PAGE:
EDITORIAL: Prayut now prey to ‘wolves’ of democracy
BANGKOK (The Nation/ANN) - Elected politicians in his own party are baying for Cabinet posts – and there may be nothing the new PM can do to satisfy them.
Beset by competing demands of elected politicians as he struggles to form a government, General Prayut Chan-o-cha is fast-learning that politics is a matter of negotiation and bargaining rather than dictating.
Prayut, who exploited the nation’s military to seize power from an elected civilian government five years ago, was re-appointed premier under the parliamentary system last week. The junta-sponsored charter eased his passage back to the top job with a bloc vote from the 250 senators it appointed, but Prayut now finds himself stripped of his special powers as he seeks support in the elected House of Representatives.
Prayut may have been nominated by the pro-junta Phalang Pracharat, but the party does not belong to him. Its MPs are entirely unconcerned with Prayut’s status as they demand seats in his Cabinet on grounds that they represent voters from their large power bases.
Ekarat Changlao, Phalang Pracharat party-list MP and chairman of its strategic committee in the Northeast, threatened to reconsider his collaboration with the party when it failed to hand any ministerial seats to his MPs from the region last week.
Meanwhile, Niphan Sirithorn, Phalang Pracharat MP from Trang province, demanded ministerial seats for his group in the South. The general election saw Phalang Pracharat win 13 seats in the South, making inroads into the traditional Democrat Party stronghold. The group said citizens in the South had voted for Phalang Pracharat candidates because they believed the party would help them solve the problems of low rubber and oil palm prices.
The two regional groups represent old but realistic political arrangements, since they claim a legitimate mandate from local voters who want action at the national level. For the MPs, Parliament and government is the forum where they can negotiate to divert resources and wealth back to their constituencies. The voters chose these MPs as the best representatives of their interests.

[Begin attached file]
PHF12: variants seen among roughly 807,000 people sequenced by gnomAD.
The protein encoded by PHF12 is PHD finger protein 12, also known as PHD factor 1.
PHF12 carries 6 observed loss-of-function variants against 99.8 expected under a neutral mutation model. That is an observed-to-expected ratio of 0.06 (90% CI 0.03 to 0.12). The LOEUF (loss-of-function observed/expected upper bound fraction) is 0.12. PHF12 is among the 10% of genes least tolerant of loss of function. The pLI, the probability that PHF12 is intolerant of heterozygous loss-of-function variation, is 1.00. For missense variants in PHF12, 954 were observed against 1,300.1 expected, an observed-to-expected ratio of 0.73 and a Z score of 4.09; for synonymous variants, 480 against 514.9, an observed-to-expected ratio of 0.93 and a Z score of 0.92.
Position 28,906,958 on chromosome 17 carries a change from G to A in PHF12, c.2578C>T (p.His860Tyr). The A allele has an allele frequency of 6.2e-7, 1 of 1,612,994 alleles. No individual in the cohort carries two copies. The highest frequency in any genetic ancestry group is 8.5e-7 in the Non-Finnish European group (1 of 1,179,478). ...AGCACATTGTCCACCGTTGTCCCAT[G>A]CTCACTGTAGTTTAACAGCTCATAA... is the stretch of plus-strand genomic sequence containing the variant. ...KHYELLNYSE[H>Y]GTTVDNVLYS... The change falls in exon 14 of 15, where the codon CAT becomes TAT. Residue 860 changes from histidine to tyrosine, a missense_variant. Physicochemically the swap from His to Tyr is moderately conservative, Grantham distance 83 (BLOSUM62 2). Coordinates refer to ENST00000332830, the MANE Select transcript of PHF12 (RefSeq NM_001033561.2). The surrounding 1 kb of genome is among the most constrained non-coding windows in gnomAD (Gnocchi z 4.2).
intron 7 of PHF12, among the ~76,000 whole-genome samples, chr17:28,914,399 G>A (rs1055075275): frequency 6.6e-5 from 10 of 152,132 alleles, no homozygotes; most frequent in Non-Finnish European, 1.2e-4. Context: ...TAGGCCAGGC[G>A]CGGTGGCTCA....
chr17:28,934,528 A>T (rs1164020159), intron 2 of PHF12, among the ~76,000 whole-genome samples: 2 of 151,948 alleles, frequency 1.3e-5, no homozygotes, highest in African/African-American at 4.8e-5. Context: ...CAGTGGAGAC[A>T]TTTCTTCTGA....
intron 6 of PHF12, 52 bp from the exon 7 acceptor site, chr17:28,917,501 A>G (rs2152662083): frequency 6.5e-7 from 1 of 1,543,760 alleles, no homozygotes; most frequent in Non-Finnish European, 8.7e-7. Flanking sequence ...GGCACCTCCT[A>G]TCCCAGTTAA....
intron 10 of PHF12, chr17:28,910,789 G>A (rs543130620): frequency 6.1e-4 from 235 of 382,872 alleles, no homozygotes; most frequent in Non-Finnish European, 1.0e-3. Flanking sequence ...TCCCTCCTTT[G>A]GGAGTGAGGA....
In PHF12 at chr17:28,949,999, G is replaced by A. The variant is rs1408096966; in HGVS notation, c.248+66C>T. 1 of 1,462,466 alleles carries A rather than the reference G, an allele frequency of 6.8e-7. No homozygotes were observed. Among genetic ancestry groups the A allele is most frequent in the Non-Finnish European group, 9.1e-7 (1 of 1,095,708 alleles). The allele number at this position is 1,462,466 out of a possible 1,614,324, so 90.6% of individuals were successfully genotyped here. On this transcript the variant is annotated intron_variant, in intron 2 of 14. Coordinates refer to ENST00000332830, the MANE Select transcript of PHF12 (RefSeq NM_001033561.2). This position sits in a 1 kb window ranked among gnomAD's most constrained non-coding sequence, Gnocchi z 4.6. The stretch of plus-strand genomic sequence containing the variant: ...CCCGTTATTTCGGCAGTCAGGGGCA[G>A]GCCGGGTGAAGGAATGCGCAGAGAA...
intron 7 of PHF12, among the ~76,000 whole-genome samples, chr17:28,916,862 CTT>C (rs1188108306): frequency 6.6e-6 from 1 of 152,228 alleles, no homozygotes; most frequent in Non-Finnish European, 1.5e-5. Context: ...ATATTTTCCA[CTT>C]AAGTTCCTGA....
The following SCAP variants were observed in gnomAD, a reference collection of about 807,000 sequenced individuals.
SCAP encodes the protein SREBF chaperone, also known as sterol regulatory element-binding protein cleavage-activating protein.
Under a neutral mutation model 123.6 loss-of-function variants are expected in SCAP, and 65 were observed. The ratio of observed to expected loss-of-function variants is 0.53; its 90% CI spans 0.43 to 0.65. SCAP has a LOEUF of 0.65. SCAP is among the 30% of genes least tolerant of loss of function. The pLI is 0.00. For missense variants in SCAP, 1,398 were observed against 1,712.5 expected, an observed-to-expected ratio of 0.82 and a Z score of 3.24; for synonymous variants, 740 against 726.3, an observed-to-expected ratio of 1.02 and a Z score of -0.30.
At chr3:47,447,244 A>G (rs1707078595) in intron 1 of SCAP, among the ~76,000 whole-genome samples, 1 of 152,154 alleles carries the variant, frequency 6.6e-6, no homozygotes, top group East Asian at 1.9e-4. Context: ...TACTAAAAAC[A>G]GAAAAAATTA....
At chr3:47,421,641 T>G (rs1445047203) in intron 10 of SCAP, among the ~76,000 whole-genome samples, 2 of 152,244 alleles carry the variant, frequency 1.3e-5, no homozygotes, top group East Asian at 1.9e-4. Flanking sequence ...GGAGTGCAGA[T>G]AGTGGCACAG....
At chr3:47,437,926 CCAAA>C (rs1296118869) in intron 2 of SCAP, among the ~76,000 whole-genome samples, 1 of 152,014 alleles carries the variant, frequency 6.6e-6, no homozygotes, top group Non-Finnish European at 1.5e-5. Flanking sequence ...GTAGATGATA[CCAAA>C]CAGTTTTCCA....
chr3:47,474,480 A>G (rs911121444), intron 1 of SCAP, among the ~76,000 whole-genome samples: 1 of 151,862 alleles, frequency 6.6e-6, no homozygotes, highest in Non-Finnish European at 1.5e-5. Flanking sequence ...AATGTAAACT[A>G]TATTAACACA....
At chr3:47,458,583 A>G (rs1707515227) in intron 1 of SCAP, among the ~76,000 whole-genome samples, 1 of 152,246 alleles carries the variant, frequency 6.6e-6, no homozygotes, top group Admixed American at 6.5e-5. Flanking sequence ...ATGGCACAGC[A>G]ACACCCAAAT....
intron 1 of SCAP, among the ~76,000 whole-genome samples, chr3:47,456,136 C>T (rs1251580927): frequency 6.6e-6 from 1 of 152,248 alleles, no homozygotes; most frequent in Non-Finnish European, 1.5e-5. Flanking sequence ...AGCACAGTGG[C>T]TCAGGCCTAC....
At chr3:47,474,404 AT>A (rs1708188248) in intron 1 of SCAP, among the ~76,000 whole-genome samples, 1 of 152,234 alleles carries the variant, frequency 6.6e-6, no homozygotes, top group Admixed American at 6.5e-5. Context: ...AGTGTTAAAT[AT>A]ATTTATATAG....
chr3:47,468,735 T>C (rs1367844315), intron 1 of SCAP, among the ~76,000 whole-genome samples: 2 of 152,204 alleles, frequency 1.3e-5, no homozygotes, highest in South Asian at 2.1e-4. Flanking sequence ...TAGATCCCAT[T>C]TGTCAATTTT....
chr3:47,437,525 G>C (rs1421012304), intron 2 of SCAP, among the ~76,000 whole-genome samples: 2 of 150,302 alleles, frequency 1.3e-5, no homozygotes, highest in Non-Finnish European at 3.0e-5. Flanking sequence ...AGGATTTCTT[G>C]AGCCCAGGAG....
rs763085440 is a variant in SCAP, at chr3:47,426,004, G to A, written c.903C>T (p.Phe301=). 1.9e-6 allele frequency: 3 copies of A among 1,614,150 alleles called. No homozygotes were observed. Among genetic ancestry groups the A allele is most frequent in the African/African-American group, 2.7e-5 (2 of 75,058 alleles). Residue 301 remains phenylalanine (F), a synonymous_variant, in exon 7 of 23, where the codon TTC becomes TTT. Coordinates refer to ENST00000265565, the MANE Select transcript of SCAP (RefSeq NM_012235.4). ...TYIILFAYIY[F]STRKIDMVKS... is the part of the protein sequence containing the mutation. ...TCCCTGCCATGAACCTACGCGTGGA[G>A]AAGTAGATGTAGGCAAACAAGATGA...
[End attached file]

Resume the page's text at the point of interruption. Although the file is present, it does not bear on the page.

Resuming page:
Amid this new democratic arrangement, Prayut meanwhile finds himself shorn of the status he has enjoyed for the past five years. As coup leader in 2014, he was Army chief in charge of a vast military force that then supported his absolute power as prime minister. With special powers afforded by the junta, he dictated government personnel and actions, limited media freedom and effectively banned all political activities. Article 44 has been his iron fist with which no one can argue.
While that special power remains until the new Cabinet is sworn in, Prayut cannot legitimately exercise it to dictate the democratically elected politicians even within Phalang Pracharat. Prayut can no longer shut the mouths of MPs, who are free to vote or not to vote to support his government. If they vote against the party line, Phalang Pracharat could purge them. But thanks to the military-sponsored charter, if they manage to join a new party within 60 days, they can continue as MPs.
Without strong military back-up and his special powers, Prayut may realise that he has no leverage over the elected MPs. Meanwhile, why should they continue supporting the general in Parliament if they have nothing to give to voters in their constituencies?
Prayut faces what appears to be a mission impossible. His only way of handling parliamentary politics would be to adapt and evolve into the same species he has so often expressed disdain for.